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    Our Earth Tax – Patagonia Environmental + Social Initiatives 2015

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    In the conventional model of philanthropy, the big funders—corporations and foundations—mainly support big professional environmental groups. The large national organizations (those with budgets over $5 million) are doing important work but they make up just 2% of all environmental groups, yet receive more than 50% of all environmental grants and donations.

    Meanwhile, funding the environmental movement at a grassroots level—where change happens from the bottom up and lasts—has never been more important. But these groups continue to be woefully underfunded.

    The funding paradigm is out of balance. We aim to change it.

    Above: Patagonia Environmental & Social Initiatives 2015. Pick up a printed copy at your local Patagonia store or read the digital version. Cover photo: Donnie Hedden

    Continue reading "Our Earth Tax – Patagonia Environmental + Social Initiatives 2015" »

    Solutions Series, Part 7: Vote!

    By Annie Leonard, The Story of Stuff Project

    On Tuesday, November 4, 2014, U.S. citizens will vote in the 2014 midterm elections. Patagonia supports candidates who will push hard for clean, renewable energy, restore clean water and air and turn away from risky, carbon-intensive fuels. We support leaders who will act on behalf of the future and the planet.

    Voting is an action we can all take, the ballot a place we can all be heard.

    In this installment of her Solutions Series, Annie Leonard, founder of The Story of Stuff Project, writes about the importance of voting, especially in the midterm elections where participation is disturbingly low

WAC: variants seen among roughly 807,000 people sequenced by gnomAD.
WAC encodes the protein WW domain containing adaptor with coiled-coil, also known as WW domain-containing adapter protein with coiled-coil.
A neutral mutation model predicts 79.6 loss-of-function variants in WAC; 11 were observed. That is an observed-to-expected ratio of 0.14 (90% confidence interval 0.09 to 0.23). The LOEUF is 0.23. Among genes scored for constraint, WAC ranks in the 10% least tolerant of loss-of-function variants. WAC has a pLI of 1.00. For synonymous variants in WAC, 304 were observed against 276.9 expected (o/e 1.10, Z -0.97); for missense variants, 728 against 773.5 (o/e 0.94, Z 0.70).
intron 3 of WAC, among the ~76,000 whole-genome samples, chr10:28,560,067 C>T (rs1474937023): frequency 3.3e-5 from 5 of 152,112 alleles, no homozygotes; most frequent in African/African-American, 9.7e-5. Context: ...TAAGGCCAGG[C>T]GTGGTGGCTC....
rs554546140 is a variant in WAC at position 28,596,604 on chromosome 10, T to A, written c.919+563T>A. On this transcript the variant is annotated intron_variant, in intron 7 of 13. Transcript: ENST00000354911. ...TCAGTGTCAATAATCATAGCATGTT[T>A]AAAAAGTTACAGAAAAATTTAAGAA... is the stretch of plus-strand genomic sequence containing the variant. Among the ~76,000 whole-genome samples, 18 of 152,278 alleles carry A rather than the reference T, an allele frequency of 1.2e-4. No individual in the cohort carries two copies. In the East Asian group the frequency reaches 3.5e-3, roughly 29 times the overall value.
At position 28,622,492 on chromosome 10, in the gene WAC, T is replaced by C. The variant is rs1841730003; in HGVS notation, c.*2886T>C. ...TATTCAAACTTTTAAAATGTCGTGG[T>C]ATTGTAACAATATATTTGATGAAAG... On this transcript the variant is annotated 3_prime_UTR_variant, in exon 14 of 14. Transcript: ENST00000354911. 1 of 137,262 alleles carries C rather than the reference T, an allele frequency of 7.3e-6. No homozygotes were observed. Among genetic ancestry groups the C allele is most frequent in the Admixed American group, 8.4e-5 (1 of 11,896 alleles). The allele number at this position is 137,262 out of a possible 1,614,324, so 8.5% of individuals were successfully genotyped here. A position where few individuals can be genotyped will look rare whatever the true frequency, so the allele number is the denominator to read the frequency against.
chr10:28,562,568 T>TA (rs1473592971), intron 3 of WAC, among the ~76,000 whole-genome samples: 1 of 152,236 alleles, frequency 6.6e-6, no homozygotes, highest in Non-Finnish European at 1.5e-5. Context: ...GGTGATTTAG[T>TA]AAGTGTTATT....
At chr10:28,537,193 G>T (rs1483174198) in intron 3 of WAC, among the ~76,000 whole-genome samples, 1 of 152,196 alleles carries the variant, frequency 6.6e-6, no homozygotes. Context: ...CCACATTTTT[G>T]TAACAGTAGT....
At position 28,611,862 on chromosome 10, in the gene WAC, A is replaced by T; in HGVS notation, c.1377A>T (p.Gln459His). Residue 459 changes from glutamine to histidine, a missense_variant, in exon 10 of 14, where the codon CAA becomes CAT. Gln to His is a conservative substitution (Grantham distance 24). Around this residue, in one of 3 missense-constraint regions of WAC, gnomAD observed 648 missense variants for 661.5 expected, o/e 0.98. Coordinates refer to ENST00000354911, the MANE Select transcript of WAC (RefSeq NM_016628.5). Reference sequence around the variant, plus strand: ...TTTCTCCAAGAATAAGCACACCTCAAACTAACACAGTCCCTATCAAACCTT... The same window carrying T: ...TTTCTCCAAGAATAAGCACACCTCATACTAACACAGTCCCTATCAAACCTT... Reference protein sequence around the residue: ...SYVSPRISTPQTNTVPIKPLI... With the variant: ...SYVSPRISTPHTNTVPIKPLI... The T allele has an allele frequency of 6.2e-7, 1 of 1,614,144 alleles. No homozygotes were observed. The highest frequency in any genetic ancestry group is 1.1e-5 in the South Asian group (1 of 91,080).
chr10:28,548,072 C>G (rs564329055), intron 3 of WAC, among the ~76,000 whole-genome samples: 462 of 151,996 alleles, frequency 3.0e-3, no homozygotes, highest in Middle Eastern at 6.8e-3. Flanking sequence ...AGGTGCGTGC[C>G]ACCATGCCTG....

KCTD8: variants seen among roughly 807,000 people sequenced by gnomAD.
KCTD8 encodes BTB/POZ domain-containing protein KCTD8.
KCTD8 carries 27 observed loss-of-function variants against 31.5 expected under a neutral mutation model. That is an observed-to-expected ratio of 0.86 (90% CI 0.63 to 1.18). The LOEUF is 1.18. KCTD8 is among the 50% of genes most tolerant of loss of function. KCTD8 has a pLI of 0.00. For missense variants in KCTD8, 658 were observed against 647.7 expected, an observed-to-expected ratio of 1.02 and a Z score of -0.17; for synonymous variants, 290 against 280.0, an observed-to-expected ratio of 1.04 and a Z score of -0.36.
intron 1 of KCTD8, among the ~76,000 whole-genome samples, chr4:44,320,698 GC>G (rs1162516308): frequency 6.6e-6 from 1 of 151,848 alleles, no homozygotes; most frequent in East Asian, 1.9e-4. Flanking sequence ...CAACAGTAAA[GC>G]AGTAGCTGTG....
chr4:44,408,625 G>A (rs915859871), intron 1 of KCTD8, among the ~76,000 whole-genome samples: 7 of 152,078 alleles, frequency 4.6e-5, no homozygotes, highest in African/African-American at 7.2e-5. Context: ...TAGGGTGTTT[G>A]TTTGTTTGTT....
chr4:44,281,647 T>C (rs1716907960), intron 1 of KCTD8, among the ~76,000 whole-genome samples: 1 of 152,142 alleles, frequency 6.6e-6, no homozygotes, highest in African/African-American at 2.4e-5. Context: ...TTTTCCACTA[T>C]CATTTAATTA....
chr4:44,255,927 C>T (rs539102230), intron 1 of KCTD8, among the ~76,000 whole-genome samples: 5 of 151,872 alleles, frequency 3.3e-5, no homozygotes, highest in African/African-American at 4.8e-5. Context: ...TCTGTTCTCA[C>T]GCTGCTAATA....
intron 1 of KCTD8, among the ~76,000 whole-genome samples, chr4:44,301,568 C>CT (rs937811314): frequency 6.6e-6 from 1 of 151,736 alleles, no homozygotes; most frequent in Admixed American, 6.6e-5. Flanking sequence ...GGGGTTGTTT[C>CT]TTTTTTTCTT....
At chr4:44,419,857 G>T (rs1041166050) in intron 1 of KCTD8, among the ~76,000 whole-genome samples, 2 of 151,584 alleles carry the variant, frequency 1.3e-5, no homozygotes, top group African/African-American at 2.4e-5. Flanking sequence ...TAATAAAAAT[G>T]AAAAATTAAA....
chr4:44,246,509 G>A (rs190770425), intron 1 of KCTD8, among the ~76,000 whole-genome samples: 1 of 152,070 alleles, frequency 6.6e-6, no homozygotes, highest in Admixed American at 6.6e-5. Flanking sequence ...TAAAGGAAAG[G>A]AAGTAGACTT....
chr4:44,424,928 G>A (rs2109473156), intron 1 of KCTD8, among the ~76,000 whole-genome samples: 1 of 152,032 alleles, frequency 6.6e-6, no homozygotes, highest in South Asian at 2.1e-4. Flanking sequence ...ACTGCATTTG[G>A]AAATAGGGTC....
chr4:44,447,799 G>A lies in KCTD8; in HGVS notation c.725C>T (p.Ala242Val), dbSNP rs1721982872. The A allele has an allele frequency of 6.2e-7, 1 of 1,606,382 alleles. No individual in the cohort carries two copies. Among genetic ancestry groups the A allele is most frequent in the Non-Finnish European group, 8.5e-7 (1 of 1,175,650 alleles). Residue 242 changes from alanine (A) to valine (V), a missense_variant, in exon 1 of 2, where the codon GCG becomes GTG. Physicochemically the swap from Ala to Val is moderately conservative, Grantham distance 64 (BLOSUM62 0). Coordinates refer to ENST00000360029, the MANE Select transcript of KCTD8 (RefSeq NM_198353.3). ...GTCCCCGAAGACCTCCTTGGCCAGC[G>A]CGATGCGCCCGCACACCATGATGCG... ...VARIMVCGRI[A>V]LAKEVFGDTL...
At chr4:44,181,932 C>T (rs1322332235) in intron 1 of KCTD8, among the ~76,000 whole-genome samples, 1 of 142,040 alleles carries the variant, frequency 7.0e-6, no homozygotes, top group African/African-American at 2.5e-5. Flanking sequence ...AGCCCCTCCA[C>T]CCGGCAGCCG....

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    “Good citizens take an interest in people and issues outside themselves. . . . They inform themselves. They volunteer. They listen. They take the long view. They vote.”
                                                   
    –Massachusetts Gov. Deval Patrick

    In 1990, I visited Haiti just after the country chose its first democratically elected president. In the streets of Port-au-Prince, Haitians proudly showed me their inked thumbs, marked as they entered the polls. They were so excited at being able to vote that two weeks later they hadn’t washed off the ink.

    Contrast that with the United States, where about 60 percent of those eligible vote in presidential elections. The midterm congressional elections in November draw about 40 percent. Compared to other countries such as Australia, Belgium or Chile, where 9 out of 10 voters turn out, that’s pitiful.

    Artwork (above): Besties by Todd Gilloon, part of our crowd-sourced poster project to get the vote out. A portion of the proceeds benefit the artists and HeadCount.

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    Solutions Series, Part 6: Resist giving in to disillusionment

    By Annie Leonard, The Story of Stuff Project

    The 2014 midterm elections are fast approaching in the United States. Patagonia supports candidates who will push hard for clean, renewable energy, restore clean water and air and turn away from risky, carbon-intensive fuels. We support leaders who will act on behalf of the future and the planet.

    Voting is an action we can all take, the ballot a place we can all be heard.

    In this installment of her Solutions Series, Annie Leonard, founder of The Story of Stuff Project, writes about what voting and citizenship mean to her. Stay tuned for a follow-up post, with actions you can take, later this week

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    “True patriotism . . . is loyalty to the Nation all the time, loyalty to the Government when it deserves it.”
                                                                                        
    –Mark Twain

    Recently, trying to fix a discrepancy between my passport and driver’s license, I had to go to the Department of Motor Vehicles. I arrived at dawn to stand in a line down the block. It started raining; soaked and frustrated, I left. Before the next visit I made an appointment on the DMV website, but when I got there the queue still looked like Soviet-era shoppers outside a Moscow grocery store. Finally someone suggested I go the day before a holiday, and so it was that I spent the morning of Christmas Eve rectifying a bureaucratic error.